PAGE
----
Monday 22 January 2018

Power to the people: How the Octavia RS has become 'a car for the plumber and the barrister'

First drive: Skoda Octavia RS

Skoda Octavia vRS
Skoda Octavia vRS
Eddie Cunningham

Eddie Cunningham

For some reason the Skoda Octavia RS crosses divides other cars can't manage. It seems to have hit on a sweet spot between practicality and performance.

Regardless of occupation or location, people want one. Skoda say buyers range from "plumbers to barristers and from students to pensioners".

I was surprised to learn as many as 470 are bought each year. That's 10pc of all Octavias purchased annually.

Hardly a year has gone by that they didn't up the power of the petrol version. However, our interest is almost exclusively diesel and they don't change its power output levels so often, thankfully.

Now they have given the cars a facelift and equipment boost in line with the rest of the range. And they'll be here in advance of 172-reg.

But as far as the 230bhp petrol version is concerned it's kinda out of date already because there is a 245bhp model coming (called the RS 245 naturally) later on in the year. They are bringing in the revised RS230 for June. It will be replaced later on by the 245. But, really, we need only concern ourselves with the diesel (which isn't getting any more power) for now anyway.

The reason I've been driving these cars is down mainly to some technical updates, visual facelifts and equipment upgrades.

And there is a price hike. The 'new' RS will cost around €600 more than the pre-revision model. That starts it from €34,450 for the 2-litre 184bhp diesel. There are DSG and all-wheel-drive versions too.

Expect the 245bhp petrol to cost more again. It all depends on what you want really - the 230 now or the 245 later. You'd never know; they might even have a 260 waiting in the wings by the time the 245 arrives.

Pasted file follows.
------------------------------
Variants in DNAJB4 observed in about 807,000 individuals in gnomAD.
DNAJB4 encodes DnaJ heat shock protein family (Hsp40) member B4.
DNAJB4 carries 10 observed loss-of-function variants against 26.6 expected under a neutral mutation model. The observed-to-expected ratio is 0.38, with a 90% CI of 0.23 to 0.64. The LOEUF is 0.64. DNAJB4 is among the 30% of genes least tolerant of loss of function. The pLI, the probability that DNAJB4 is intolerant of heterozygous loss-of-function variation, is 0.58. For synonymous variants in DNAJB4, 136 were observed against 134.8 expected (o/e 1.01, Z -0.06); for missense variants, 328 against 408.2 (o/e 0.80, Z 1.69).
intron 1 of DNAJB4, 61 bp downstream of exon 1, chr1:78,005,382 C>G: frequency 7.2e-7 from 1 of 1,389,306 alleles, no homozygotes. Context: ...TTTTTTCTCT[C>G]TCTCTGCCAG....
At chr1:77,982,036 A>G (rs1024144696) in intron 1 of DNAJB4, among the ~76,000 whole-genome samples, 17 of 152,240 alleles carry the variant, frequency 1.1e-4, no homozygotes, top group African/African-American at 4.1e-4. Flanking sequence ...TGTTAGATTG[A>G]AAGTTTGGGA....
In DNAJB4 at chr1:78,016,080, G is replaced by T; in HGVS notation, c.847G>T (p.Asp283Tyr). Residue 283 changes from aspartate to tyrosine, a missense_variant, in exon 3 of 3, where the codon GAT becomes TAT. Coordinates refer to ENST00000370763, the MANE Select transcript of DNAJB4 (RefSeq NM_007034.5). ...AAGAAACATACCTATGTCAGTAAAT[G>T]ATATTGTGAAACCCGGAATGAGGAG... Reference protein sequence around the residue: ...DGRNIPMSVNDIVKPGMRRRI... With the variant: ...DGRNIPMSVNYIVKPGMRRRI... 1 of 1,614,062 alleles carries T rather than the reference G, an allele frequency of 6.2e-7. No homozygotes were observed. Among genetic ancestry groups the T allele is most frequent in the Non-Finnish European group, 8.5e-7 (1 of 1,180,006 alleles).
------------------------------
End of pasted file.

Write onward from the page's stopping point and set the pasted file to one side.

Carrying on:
For now, however, you get the facelift (new LED headlight and tail lights), upholstery and instrument cluster. Basically it's the same treatment the Octavia hatch/Combi have already received. The RS is 15mm lower than the conventional hatch and, importantly, the rear track is now 30mm wider - which makes a difference - and you can get 19in alloys. Or maybe you'd prefer the Combi (estate) version - from €35,450.

The Octavia Combi Scout, here next month, gets a similar visual and equipment overhaul. Around 150 people buy one of these each year; it's got rugged off-road looks and 4WD so it's popular with those who need pulling power (towing capacity of 2,000kg) and some off-road ability. The 2-litre 184bhp diesel 4x4 with 6spd manual box is usually in highest demand. Prices are up around €1,200 (from €35,495). For Ireland, 18in wheels are standard - they look a million dollars compared with the 17in on test.

They've upgraded infotainment systems in both cars, and claim the new 9.2in touchscreen Columbus is the best in its range.

There is also online ability for news, weather etc while its Care Connect system is an option - it has an emergency call function and remote access to your car through your smart phone.

The fun part of the event was getting to lash the RS230 around a track with most of the driver aids disabled.

That gave it a greater edge and got the old pulses racing a bit - nothing too frantic. It was an impressive drive (by the car) and never once did it feel skittish on a technical, tight course.

I could say the same for stints through the slalom (dry and wet) course but the bold young fellow broke out in me with the 'slippery skid pad' - where contra-steer and a little bit of help from the handbrake made it the most challenging, and enjoyable, drive of the day.

The plumbers who buy RS models would have loved seeing so much water squirting in all directions.

In fairness, the sessions showed the car's engineering in good light.

As did the ease with which the Scout negotiated a moderately challenging off-road route.

Indo Motoring

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